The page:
Archive for the ‘Industry News’ Category

New sweeping WPA Cracker & its alternatives

Tuesday, December 8th, 2009

It’s a well-know fact that WPA-PSK networks are vulnerable to dictionary attacks, though one cannot but admit that running a respectable-sized dictionary over a WPA network handshake can take days or weeks.

A low-cost service for penetration testers that checks the security of wireless networks by running passwords against a 135-million-word dictionary has been recently unveiled. The so-called WPA Cracker is a cloud-based service that accesses a 400-CPU cluster. For $34, it can run a password against all 135 million entries in about 20 minutes. Want to pay less, do it for $17 and wait 40 minutes to see the results.

Another notable feature is the use of the dictionary that has been set up specifically for cracking Wi-Fi Protected Access passwords. While Windows, UNIX and other systems allow short passwords, WPA pass codes must contain a minimum of eight characters. Its entries use a variety of words, common phrases and "elite speak" that have been compiled with WPA networks in mind.

WPA Cracker is used by capturing a wireless network's handshake locally and then uploading it, along with the network name. The service then compares the PBKDF2, or Password-Based Key Derivation Function, against the dictionary. The approach makes sense, considering each handshake is salted using the network's ESSID, a technique that makes rainbow tables only so useful.

Everything seems to be perfect, but for the fact that there exists another alternative to crack WPA passwords which allows to reach the same speed. Just instead of installing a 400-CPU cluster, it’s possible to set 4 top Radeons or about two Teslas and try Elcomsoft Wireless Security Auditor.

Elcomsoft Wireless Security Auditor: WPA-PSK Password Audit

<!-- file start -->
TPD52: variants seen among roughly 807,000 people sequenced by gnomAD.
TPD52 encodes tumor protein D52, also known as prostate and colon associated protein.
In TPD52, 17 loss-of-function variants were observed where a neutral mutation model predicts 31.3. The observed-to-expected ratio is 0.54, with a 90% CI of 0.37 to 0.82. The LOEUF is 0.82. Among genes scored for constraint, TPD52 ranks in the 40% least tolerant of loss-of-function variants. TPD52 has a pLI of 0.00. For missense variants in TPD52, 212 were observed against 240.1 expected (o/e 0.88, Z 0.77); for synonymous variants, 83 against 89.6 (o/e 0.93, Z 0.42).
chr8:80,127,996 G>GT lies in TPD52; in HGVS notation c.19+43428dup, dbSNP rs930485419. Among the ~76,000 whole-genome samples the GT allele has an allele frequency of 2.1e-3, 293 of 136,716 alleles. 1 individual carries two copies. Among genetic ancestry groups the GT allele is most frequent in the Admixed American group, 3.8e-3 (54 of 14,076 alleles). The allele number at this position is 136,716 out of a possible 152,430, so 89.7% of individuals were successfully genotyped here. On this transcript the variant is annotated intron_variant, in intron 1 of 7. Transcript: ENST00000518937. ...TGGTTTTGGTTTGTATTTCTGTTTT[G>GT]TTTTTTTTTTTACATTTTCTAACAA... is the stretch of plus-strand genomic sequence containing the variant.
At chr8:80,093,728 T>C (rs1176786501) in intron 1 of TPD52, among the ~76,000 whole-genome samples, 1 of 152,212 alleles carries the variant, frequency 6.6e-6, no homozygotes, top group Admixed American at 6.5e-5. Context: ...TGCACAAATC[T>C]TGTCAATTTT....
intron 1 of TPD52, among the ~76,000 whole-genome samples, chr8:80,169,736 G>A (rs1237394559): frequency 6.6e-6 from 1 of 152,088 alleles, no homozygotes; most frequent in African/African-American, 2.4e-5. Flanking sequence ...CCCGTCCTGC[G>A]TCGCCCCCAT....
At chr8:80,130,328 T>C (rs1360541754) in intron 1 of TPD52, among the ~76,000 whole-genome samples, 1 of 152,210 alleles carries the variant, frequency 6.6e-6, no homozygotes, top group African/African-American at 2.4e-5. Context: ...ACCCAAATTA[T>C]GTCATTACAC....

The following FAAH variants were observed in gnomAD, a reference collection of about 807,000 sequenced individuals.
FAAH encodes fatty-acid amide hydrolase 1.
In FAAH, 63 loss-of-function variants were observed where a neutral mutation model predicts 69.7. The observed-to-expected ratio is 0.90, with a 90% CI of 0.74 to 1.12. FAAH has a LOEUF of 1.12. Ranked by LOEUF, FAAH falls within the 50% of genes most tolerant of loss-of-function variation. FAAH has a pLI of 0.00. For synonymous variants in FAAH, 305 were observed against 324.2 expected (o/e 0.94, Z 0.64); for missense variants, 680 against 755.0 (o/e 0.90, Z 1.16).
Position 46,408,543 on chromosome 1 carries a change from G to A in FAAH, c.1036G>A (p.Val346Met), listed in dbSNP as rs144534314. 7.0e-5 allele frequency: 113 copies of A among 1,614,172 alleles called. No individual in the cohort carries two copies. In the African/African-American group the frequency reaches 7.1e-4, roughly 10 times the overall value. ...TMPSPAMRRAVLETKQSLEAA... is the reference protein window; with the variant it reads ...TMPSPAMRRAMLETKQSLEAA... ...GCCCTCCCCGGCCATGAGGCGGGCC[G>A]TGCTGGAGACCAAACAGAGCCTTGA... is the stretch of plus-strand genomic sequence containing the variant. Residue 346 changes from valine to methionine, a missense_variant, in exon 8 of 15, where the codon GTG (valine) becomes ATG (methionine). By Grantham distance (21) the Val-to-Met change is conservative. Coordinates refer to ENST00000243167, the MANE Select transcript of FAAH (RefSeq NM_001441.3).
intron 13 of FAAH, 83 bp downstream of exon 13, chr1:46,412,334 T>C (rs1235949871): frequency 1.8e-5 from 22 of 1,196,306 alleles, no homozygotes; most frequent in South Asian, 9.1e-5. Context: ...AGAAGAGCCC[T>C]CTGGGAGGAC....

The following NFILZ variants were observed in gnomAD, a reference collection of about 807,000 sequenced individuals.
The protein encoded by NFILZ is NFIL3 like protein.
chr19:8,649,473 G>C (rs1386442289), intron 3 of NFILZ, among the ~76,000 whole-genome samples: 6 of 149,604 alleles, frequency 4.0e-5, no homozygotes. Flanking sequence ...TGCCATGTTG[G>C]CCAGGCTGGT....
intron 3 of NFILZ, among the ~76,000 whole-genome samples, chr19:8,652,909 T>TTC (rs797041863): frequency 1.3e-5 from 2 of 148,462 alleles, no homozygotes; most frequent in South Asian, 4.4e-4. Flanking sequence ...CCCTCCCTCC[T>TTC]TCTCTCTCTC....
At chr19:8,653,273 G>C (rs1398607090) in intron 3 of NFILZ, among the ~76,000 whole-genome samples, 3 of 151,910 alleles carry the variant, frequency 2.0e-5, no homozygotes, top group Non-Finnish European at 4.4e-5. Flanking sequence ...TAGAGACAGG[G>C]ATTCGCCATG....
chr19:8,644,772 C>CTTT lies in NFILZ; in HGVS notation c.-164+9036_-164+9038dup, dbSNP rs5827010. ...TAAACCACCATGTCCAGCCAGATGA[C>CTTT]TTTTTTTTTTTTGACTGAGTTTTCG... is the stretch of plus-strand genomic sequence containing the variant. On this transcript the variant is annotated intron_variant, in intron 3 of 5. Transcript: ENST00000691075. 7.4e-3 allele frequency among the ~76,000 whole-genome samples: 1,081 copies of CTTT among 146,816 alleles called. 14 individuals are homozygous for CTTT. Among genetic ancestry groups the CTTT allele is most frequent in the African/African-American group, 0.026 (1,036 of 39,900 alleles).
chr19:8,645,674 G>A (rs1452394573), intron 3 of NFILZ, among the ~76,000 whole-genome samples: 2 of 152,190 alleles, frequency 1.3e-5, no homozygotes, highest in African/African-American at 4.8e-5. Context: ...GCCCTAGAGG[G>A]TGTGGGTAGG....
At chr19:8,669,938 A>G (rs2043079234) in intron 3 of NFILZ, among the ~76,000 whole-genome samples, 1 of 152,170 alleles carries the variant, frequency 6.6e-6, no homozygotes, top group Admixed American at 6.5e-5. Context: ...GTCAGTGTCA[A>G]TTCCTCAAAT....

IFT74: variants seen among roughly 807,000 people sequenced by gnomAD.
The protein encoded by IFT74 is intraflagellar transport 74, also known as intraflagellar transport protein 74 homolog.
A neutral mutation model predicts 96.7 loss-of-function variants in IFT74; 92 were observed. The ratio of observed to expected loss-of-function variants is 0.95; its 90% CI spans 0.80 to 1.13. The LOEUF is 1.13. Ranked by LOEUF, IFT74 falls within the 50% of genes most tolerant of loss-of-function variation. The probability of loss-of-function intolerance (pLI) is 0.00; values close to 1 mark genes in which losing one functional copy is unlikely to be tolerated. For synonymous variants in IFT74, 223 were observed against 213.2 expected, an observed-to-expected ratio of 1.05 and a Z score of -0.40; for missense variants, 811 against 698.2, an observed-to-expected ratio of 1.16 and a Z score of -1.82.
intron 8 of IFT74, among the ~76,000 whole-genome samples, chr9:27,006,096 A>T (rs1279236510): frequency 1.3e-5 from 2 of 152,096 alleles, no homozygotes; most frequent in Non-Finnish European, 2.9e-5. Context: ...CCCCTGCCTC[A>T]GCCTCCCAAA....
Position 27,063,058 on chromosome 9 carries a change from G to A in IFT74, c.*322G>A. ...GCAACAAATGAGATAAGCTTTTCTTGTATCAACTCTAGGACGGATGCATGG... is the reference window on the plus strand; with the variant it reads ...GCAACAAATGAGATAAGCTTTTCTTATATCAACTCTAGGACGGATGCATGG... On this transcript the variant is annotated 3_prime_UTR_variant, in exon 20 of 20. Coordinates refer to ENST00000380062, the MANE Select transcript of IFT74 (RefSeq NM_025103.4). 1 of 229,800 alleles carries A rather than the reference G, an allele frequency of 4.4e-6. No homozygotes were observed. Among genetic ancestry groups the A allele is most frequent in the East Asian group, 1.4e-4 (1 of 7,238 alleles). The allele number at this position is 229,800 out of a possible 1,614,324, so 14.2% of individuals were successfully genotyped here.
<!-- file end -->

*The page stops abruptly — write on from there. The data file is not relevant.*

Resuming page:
More on Radeon HD 5000

Thursday, September 10th, 2009

Tom’s Hardware is a really good source we can definitely trust, so if you need more details on Radeon HD 5000-series cards (specifications and prices) that are coming soon, just read:

Best Graphics Cards For The Money: September ’09

Update (Sep 16th): GT300 could outperform the Radeon HD5870

Update (Sep 22nd): ATI Radeon HD 5870 pricing and specs list revealed

Update (Sep 23rd): ATI Radeon HD 5870: DirectX 11, Eyefinity, And Serious Speed

AMD vs NVIDIA, next round

Wednesday, September 9th, 2009

Looking for new password cracking hardware (to take advantage of GPU acceleration)? Wait just a little bit more: new ATI and NVIDIA cards (with DirectX 11) will be available soon.

ATI is going to release Radeon HD 5000 cards (5850, 5870, 5870 X2) in October — well, hopefully. The top one (HD 5870X2: single-PCB, dual-GPU) will retail for $599.

As for NVIDIA’s new GT300, the specifications were revealed in April. In brief, it groups processing cores in sets of 32 (up from 24 in GT200) — up to 512 cores total for the high-end part. If the clocks remain the same as on GT200, that will double the overall performance. And there are other improvements as well: e.g. GT300 cores rely on MIMD-similar functions. Some fresh information about GT300 availability:

You may ask — what about Intel? Well, new Core i5 and i7 (codename Lynnfield) now available. Nothing revolutionary new, just Intel P55 Express Chipset support: integrating both a 16-lane PCI Express 2 graphics port and two-channel memory controller on a single chip (previous chipsets required separate northbridge and southbridge), as well as several minor improvements. More information and some benchmarks at Intel Lynnfield; Core i5 750 and Core i7 870 Evaluation and New Intel Core i5, i7 Processors Product Matrix.